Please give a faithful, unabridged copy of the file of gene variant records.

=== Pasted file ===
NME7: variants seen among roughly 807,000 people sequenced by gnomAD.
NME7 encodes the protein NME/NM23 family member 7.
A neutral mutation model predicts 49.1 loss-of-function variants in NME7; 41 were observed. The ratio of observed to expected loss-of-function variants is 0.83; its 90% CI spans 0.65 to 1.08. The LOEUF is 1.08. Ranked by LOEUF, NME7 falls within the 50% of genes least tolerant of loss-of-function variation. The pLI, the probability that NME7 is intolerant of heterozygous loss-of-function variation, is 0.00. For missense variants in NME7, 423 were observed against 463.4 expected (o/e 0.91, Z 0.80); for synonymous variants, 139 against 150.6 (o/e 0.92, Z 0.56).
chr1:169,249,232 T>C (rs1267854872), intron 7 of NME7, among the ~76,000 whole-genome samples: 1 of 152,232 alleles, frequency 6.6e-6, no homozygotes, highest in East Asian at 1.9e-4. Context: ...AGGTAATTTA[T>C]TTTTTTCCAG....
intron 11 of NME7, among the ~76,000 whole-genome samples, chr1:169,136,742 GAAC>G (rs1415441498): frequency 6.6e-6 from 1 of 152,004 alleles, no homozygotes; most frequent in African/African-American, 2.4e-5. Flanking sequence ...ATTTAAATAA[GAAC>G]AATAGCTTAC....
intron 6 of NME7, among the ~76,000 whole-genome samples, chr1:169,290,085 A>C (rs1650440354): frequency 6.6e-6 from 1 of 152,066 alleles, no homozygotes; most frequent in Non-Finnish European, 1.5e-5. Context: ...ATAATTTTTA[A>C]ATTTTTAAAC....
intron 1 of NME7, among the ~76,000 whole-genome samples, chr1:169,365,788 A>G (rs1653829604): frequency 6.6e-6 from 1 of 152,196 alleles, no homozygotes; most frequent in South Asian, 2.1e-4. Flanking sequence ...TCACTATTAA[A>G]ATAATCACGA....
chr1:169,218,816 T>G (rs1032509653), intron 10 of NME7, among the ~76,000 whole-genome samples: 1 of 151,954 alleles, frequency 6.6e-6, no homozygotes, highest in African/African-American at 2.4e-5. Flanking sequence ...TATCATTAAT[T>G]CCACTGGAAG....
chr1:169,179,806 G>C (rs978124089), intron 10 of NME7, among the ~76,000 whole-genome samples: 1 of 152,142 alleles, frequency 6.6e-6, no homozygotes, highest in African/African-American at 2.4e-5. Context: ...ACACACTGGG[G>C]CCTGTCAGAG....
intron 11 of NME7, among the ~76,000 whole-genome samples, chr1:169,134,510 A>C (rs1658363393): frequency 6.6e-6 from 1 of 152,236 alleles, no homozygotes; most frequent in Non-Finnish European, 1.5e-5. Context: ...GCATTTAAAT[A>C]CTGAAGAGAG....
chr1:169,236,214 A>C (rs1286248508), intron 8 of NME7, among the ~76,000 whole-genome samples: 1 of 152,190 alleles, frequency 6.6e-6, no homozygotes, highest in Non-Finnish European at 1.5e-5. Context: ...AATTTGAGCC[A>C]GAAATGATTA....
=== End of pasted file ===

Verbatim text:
NME7: variants seen among roughly 807,000 people sequenced by gnomAD.
NME7 encodes the protein NME/NM23 family member 7.
A neutral mutation model predicts 49.1 loss-of-function variants in NME7; 41 were observed. The ratio of observed to expected loss-of-function variants is 0.83; its 90% CI spans 0.65 to 1.08. The LOEUF is 1.08. Ranked by LOEUF, NME7 falls within the 50% of genes least tolerant of loss-of-function variation. The pLI, the probability that NME7 is intolerant of heterozygous loss-of-function variation, is 0.00. For missense variants in NME7, 423 were observed against 463.4 expected (o/e 0.91, Z 0.80); for synonymous variants, 139 against 150.6 (o/e 0.92, Z 0.56).
chr1:169,249,232 T>C (rs1267854872), intron 7 of NME7, among the ~76,000 whole-genome samples: 1 of 152,232 alleles, frequency 6.6e-6, no homozygotes, highest in East Asian at 1.9e-4. Context: ...AGGTAATTTA[T>C]TTTTTTCCAG....
intron 11 of NME7, among the ~76,000 whole-genome samples, chr1:169,136,742 GAAC>G (rs1415441498): frequency 6.6e-6 from 1 of 152,004 alleles, no homozygotes; most frequent in African/African-American, 2.4e-5. Flanking sequence ...ATTTAAATAA[GAAC>G]AATAGCTTAC....
intron 6 of NME7, among the ~76,000 whole-genome samples, chr1:169,290,085 A>C (rs1650440354): frequency 6.6e-6 from 1 of 152,066 alleles, no homozygotes; most frequent in Non-Finnish European, 1.5e-5. Context: ...ATAATTTTTA[A>C]ATTTTTAAAC....
intron 1 of NME7, among the ~76,000 whole-genome samples, chr1:169,365,788 A>G (rs1653829604): frequency 6.6e-6 from 1 of 152,196 alleles, no homozygotes; most frequent in South Asian, 2.1e-4. Flanking sequence ...TCACTATTAA[A>G]ATAATCACGA....
chr1:169,218,816 T>G (rs1032509653), intron 10 of NME7, among the ~76,000 whole-genome samples: 1 of 151,954 alleles, frequency 6.6e-6, no homozygotes, highest in African/African-American at 2.4e-5. Flanking sequence ...TATCATTAAT[T>G]CCACTGGAAG....
chr1:169,179,806 G>C (rs978124089), intron 10 of NME7, among the ~76,000 whole-genome samples: 1 of 152,142 alleles, frequency 6.6e-6, no homozygotes, highest in African/African-American at 2.4e-5. Context: ...ACACACTGGG[G>C]CCTGTCAGAG....
intron 11 of NME7, among the ~76,000 whole-genome samples, chr1:169,134,510 A>C (rs1658363393): frequency 6.6e-6 from 1 of 152,236 alleles, no homozygotes; most frequent in Non-Finnish European, 1.5e-5. Context: ...GCATTTAAAT[A>C]CTGAAGAGAG....
chr1:169,236,214 A>C (rs1286248508), intron 8 of NME7, among the ~76,000 whole-genome samples: 1 of 152,190 alleles, frequency 6.6e-6, no homozygotes, highest in Non-Finnish European at 1.5e-5. Context: ...AATTTGAGCC[A>C]GAAATGATTA....